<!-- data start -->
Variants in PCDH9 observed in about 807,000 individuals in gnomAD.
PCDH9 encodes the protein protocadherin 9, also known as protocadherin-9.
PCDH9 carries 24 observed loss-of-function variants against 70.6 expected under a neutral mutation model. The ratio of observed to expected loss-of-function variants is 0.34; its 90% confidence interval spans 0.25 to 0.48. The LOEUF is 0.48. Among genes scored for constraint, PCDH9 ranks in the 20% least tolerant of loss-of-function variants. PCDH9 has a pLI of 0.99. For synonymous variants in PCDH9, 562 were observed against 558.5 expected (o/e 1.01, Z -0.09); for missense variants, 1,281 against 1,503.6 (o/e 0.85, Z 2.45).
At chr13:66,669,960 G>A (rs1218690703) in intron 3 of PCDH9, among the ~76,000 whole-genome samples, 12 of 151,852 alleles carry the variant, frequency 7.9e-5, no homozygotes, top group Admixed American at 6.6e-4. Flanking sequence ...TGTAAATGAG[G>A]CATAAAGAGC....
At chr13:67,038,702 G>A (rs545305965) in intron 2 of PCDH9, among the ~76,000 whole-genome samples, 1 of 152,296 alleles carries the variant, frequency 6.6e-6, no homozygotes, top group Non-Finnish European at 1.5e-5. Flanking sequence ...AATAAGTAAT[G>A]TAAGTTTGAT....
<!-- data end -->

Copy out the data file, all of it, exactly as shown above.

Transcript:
Variants in PCDH9 observed in about 807,000 individuals in gnomAD.
PCDH9 encodes the protein protocadherin 9, also known as protocadherin-9.
PCDH9 carries 24 observed loss-of-function variants against 70.6 expected under a neutral mutation model. The ratio of observed to expected loss-of-function variants is 0.34; its 90% confidence interval spans 0.25 to 0.48. The LOEUF is 0.48. Among genes scored for constraint, PCDH9 ranks in the 20% least tolerant of loss-of-function variants. PCDH9 has a pLI of 0.99. For synonymous variants in PCDH9, 562 were observed against 558.5 expected (o/e 1.01, Z -0.09); for missense variants, 1,281 against 1,503.6 (o/e 0.85, Z 2.45).
At chr13:66,669,960 G>A (rs1218690703) in intron 3 of PCDH9, among the ~76,000 whole-genome samples, 12 of 151,852 alleles carry the variant, frequency 7.9e-5, no homozygotes, top group Admixed American at 6.6e-4. Flanking sequence ...TGTAAATGAG[G>A]CATAAAGAGC....
At chr13:67,038,702 G>A (rs545305965) in intron 2 of PCDH9, among the ~76,000 whole-genome samples, 1 of 152,296 alleles carries the variant, frequency 6.6e-6, no homozygotes, top group Non-Finnish European at 1.5e-5. Flanking sequence ...AATAAGTAAT[G>A]TAAGTTTGAT....